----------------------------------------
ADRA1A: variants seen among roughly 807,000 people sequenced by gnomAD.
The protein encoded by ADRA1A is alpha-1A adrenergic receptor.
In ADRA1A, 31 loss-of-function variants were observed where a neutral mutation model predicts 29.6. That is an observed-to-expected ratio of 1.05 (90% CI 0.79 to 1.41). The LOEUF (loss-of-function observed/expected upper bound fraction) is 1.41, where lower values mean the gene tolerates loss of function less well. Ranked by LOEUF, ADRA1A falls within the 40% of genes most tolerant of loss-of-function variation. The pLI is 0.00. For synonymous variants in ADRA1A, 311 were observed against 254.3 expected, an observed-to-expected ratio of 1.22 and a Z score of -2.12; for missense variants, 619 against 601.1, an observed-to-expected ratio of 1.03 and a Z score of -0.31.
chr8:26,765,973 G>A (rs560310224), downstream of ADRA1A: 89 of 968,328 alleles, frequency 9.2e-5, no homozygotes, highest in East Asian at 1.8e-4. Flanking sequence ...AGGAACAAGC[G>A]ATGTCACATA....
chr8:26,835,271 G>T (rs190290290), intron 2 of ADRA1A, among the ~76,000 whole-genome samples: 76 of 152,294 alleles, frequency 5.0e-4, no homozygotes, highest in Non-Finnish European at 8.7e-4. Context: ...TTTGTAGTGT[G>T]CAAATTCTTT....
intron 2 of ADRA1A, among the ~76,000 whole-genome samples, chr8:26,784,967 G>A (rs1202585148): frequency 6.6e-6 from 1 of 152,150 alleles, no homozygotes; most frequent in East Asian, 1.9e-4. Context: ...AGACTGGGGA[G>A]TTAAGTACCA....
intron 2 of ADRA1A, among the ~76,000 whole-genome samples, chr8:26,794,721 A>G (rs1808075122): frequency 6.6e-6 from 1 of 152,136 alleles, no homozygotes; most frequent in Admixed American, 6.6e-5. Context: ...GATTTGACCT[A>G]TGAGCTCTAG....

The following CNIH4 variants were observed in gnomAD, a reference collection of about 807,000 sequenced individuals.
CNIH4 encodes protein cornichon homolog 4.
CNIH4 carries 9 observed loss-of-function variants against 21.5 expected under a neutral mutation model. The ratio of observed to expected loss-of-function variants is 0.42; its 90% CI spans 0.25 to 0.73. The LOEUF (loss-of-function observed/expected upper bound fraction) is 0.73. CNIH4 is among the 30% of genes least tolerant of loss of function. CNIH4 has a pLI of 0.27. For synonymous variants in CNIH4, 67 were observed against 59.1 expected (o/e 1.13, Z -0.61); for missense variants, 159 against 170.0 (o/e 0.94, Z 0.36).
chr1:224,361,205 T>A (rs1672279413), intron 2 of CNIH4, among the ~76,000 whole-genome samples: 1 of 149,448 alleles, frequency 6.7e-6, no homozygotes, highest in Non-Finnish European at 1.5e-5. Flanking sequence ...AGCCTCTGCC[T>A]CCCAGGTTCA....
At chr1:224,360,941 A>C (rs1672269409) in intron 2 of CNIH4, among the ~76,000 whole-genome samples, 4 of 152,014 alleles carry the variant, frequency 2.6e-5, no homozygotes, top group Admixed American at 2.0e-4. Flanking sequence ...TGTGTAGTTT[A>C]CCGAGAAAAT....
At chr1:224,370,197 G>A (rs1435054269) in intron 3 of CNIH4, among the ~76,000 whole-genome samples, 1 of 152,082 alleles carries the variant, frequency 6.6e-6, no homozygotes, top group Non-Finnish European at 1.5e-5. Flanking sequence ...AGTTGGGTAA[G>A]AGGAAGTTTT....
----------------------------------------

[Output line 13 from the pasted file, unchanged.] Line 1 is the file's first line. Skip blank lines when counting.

At chr1:224,370,197 G>A (rs1435054269) in intron 3 of CNIH4, among the ~76,000 whole-genome samples, 1 of 152,082 alleles carries the variant, frequency 6.6e-6, no homozygotes, top group Non-Finnish European at 1.5e-5. Flanking sequence ...AGTTGGGTAA[G>A]AGGAAGTTTT....